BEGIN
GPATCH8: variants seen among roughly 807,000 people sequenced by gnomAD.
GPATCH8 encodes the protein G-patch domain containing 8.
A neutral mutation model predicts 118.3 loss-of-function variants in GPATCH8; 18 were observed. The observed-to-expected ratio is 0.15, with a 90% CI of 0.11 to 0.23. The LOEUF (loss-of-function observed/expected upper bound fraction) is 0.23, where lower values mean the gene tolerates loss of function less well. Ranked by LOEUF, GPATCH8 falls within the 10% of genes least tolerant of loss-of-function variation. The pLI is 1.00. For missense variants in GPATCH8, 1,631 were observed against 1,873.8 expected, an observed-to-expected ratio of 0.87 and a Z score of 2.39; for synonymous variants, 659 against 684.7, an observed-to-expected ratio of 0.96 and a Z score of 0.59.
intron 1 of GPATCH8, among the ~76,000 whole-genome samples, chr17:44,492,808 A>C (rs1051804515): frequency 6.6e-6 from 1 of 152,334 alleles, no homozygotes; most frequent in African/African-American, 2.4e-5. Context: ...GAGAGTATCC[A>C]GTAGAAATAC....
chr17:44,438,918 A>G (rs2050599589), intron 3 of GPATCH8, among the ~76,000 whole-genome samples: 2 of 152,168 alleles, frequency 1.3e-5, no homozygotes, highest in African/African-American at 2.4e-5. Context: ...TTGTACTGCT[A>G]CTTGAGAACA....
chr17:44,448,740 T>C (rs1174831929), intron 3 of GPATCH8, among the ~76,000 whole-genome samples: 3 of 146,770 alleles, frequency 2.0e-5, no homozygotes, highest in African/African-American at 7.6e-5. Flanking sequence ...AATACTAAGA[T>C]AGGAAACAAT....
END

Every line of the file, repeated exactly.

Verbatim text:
GPATCH8: variants seen among roughly 807,000 people sequenced by gnomAD.
GPATCH8 encodes the protein G-patch domain containing 8.
A neutral mutation model predicts 118.3 loss-of-function variants in GPATCH8; 18 were observed. The observed-to-expected ratio is 0.15, with a 90% CI of 0.11 to 0.23. The LOEUF (loss-of-function observed/expected upper bound fraction) is 0.23, where lower values mean the gene tolerates loss of function less well. Ranked by LOEUF, GPATCH8 falls within the 10% of genes least tolerant of loss-of-function variation. The pLI is 1.00. For missense variants in GPATCH8, 1,631 were observed against 1,873.8 expected, an observed-to-expected ratio of 0.87 and a Z score of 2.39; for synonymous variants, 659 against 684.7, an observed-to-expected ratio of 0.96 and a Z score of 0.59.
intron 1 of GPATCH8, among the ~76,000 whole-genome samples, chr17:44,492,808 A>C (rs1051804515): frequency 6.6e-6 from 1 of 152,334 alleles, no homozygotes; most frequent in African/African-American, 2.4e-5. Context: ...GAGAGTATCC[A>C]GTAGAAATAC....
chr17:44,438,918 A>G (rs2050599589), intron 3 of GPATCH8, among the ~76,000 whole-genome samples: 2 of 152,168 alleles, frequency 1.3e-5, no homozygotes, highest in African/African-American at 2.4e-5. Context: ...TTGTACTGCT[A>G]CTTGAGAACA....
chr17:44,448,740 T>C (rs1174831929), intron 3 of GPATCH8, among the ~76,000 whole-genome samples: 3 of 146,770 alleles, frequency 2.0e-5, no homozygotes, highest in African/African-American at 7.6e-5. Flanking sequence ...AATACTAAGA[T>C]AGGAAACAAT....